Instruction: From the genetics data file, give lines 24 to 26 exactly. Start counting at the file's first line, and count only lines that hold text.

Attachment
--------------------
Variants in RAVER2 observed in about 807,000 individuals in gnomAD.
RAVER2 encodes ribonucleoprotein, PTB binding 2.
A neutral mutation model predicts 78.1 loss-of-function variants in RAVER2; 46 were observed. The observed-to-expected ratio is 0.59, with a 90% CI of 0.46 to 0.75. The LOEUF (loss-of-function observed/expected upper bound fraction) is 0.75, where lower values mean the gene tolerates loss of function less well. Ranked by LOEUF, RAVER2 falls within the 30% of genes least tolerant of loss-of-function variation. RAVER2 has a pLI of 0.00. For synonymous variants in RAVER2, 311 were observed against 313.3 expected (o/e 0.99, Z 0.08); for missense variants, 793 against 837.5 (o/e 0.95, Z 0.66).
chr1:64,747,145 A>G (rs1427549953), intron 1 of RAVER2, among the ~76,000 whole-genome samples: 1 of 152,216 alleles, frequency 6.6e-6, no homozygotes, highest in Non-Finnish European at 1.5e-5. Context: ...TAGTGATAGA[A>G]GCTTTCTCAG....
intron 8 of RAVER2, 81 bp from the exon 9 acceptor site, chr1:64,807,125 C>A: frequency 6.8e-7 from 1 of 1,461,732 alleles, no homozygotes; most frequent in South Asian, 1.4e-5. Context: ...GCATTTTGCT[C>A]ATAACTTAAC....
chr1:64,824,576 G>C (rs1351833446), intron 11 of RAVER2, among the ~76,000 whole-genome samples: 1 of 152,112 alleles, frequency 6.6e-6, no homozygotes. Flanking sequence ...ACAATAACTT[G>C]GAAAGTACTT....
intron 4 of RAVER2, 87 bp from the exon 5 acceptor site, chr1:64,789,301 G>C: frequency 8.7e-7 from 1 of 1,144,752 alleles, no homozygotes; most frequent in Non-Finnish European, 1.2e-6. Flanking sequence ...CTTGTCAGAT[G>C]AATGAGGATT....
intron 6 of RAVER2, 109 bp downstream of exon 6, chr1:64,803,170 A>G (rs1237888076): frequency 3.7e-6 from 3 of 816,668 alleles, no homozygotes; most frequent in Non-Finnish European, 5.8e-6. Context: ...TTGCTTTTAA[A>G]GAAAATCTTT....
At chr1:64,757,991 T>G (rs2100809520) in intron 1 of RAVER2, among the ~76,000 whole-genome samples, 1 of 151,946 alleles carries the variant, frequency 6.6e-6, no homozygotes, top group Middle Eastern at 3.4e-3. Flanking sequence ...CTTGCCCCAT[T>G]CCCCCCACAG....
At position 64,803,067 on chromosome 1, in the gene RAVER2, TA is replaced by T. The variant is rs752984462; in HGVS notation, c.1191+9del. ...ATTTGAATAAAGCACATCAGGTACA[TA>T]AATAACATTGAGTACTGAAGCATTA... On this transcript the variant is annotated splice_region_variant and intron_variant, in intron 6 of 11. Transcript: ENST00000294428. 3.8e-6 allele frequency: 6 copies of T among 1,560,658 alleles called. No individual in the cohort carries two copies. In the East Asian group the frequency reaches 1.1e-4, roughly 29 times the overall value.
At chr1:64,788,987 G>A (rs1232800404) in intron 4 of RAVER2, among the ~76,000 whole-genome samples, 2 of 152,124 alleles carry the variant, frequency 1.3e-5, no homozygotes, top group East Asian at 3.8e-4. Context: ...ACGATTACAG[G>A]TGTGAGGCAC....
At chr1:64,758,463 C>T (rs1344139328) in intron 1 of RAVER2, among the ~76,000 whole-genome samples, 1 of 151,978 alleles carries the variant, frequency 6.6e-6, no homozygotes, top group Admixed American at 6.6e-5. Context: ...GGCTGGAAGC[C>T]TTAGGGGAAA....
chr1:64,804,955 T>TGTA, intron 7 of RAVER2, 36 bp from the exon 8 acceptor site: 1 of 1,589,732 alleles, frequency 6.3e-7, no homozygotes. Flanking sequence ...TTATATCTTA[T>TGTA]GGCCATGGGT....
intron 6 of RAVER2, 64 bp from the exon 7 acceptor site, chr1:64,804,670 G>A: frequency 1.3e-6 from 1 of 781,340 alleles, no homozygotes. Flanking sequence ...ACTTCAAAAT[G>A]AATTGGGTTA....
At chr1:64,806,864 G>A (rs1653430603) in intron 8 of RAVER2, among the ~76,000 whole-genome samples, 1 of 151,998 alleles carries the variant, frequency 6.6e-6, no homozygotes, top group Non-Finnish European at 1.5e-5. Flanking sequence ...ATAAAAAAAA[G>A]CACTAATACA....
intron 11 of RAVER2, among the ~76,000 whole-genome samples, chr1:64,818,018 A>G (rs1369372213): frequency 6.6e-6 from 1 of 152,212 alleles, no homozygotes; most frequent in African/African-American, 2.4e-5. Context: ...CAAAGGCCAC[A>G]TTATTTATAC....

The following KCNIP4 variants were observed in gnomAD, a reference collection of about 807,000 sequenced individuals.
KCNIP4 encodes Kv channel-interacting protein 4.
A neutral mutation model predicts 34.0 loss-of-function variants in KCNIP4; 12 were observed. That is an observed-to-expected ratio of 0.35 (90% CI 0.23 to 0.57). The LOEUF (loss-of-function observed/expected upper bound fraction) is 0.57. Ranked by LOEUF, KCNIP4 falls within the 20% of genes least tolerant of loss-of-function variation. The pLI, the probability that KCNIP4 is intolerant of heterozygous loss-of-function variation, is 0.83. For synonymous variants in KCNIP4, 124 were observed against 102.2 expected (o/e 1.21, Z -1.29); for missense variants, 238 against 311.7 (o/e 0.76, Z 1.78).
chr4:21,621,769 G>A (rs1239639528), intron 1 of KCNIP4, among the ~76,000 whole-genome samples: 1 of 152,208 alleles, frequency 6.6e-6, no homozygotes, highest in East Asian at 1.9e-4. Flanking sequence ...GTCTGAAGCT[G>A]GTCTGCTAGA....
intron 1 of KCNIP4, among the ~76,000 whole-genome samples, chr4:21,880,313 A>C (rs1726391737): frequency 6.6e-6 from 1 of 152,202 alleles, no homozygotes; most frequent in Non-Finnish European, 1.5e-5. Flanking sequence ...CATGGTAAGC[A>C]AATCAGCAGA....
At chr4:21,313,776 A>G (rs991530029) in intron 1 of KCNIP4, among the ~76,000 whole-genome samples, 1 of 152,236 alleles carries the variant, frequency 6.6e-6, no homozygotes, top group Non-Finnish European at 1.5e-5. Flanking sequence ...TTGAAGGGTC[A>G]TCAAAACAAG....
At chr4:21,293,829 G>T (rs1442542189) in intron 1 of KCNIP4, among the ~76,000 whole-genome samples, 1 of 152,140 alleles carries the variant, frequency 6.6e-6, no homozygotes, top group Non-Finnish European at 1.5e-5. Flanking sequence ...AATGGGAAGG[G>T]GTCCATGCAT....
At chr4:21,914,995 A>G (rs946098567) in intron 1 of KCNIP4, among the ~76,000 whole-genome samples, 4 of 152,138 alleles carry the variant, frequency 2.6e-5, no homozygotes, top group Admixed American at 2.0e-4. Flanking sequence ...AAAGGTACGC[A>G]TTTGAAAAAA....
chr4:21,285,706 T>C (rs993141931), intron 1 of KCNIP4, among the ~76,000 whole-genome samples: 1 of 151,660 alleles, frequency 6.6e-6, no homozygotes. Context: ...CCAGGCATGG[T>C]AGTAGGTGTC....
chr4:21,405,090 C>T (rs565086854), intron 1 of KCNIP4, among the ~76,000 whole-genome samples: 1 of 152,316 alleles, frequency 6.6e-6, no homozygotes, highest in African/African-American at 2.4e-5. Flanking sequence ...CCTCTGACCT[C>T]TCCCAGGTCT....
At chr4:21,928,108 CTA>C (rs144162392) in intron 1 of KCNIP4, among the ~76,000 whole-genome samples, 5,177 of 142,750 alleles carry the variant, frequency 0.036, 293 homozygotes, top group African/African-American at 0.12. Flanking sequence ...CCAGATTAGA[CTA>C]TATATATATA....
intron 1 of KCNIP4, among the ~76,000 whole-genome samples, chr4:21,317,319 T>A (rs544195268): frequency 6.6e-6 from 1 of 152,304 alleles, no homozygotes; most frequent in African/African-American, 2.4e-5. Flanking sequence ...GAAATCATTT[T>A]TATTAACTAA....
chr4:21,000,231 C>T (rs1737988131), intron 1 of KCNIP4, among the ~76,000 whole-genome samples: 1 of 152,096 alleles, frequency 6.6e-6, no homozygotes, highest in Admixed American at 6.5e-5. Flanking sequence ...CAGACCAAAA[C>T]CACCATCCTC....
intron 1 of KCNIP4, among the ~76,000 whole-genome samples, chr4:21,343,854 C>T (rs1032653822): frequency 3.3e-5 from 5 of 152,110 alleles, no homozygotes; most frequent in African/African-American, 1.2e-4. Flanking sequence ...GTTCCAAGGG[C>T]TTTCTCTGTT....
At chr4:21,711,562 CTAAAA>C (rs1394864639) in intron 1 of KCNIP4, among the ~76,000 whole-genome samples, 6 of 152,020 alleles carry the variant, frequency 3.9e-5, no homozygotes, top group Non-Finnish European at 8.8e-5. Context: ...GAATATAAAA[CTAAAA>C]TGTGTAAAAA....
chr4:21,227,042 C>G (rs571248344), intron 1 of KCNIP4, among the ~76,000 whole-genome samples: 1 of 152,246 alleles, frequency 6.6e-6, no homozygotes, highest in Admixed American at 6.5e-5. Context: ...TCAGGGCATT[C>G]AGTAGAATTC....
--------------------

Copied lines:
At chr4:21,914,995 A>G (rs946098567) in intron 1 of KCNIP4, among the ~76,000 whole-genome samples, 4 of 152,138 alleles carry the variant, frequency 2.6e-5, no homozygotes, top group Admixed American at 2.0e-4. Flanking sequence ...AAAGGTACGC[A>G]TTTGAAAAAA....
chr4:21,285,706 T>C (rs993141931), intron 1 of KCNIP4, among the ~76,000 whole-genome samples: 1 of 151,660 alleles, frequency 6.6e-6, no homozygotes. Context: ...CCAGGCATGG[T>C]AGTAGGTGTC....
chr4:21,405,090 C>T (rs565086854), intron 1 of KCNIP4, among the ~76,000 whole-genome samples: 1 of 152,316 alleles, frequency 6.6e-6, no homozygotes, highest in African/African-American at 2.4e-5. Flanking sequence ...CCTCTGACCT[C>T]TCCCAGGTCT....